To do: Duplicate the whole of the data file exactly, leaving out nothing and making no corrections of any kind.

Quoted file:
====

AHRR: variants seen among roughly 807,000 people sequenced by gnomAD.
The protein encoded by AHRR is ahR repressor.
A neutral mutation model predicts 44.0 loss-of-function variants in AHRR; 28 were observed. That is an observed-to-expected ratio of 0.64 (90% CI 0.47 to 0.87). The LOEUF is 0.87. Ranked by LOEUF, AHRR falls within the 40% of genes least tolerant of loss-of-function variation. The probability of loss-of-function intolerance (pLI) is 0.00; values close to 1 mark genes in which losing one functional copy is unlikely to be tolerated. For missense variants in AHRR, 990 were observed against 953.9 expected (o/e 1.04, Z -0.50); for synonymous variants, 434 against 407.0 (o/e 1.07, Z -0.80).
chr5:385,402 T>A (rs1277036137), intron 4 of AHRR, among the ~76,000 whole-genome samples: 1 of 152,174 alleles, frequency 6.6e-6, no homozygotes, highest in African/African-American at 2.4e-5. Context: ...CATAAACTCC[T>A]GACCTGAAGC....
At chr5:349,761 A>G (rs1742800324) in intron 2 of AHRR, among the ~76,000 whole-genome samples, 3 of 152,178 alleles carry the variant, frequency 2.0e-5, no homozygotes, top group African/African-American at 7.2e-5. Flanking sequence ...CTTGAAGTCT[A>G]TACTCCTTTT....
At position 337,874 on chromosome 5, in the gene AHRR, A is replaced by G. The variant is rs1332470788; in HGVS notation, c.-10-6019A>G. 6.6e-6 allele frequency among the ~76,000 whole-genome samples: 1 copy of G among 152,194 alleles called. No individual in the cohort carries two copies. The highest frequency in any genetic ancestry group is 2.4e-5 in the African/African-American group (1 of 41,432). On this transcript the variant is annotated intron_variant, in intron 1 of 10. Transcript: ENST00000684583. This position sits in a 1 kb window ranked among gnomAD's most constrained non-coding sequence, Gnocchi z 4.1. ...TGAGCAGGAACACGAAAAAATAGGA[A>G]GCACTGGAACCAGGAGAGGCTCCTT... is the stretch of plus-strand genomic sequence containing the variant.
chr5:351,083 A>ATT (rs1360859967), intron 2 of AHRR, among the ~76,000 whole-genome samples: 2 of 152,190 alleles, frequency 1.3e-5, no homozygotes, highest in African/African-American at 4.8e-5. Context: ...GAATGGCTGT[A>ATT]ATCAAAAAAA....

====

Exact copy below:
AHRR: variants seen among roughly 807,000 people sequenced by gnomAD.
The protein encoded by AHRR is ahR repressor.
A neutral mutation model predicts 44.0 loss-of-function variants in AHRR; 28 were observed. That is an observed-to-expected ratio of 0.64 (90% CI 0.47 to 0.87). The LOEUF is 0.87. Ranked by LOEUF, AHRR falls within the 40% of genes least tolerant of loss-of-function variation. The probability of loss-of-function intolerance (pLI) is 0.00; values close to 1 mark genes in which losing one functional copy is unlikely to be tolerated. For missense variants in AHRR, 990 were observed against 953.9 expected (o/e 1.04, Z -0.50); for synonymous variants, 434 against 407.0 (o/e 1.07, Z -0.80).
chr5:385,402 T>A (rs1277036137), intron 4 of AHRR, among the ~76,000 whole-genome samples: 1 of 152,174 alleles, frequency 6.6e-6, no homozygotes, highest in African/African-American at 2.4e-5. Context: ...CATAAACTCC[T>A]GACCTGAAGC....
At chr5:349,761 A>G (rs1742800324) in intron 2 of AHRR, among the ~76,000 whole-genome samples, 3 of 152,178 alleles carry the variant, frequency 2.0e-5, no homozygotes, top group African/African-American at 7.2e-5. Flanking sequence ...CTTGAAGTCT[A>G]TACTCCTTTT....
At position 337,874 on chromosome 5, in the gene AHRR, A is replaced by G. The variant is rs1332470788; in HGVS notation, c.-10-6019A>G. 6.6e-6 allele frequency among the ~76,000 whole-genome samples: 1 copy of G among 152,194 alleles called. No individual in the cohort carries two copies. The highest frequency in any genetic ancestry group is 2.4e-5 in the African/African-American group (1 of 41,432). On this transcript the variant is annotated intron_variant, in intron 1 of 10. Transcript: ENST00000684583. This position sits in a 1 kb window ranked among gnomAD's most constrained non-coding sequence, Gnocchi z 4.1. ...TGAGCAGGAACACGAAAAAATAGGA[A>G]GCACTGGAACCAGGAGAGGCTCCTT... is the stretch of plus-strand genomic sequence containing the variant.
chr5:351,083 A>ATT (rs1360859967), intron 2 of AHRR, among the ~76,000 whole-genome samples: 2 of 152,190 alleles, frequency 1.3e-5, no homozygotes, highest in African/African-American at 4.8e-5. Context: ...GAATGGCTGT[A>ATT]ATCAAAAAAA....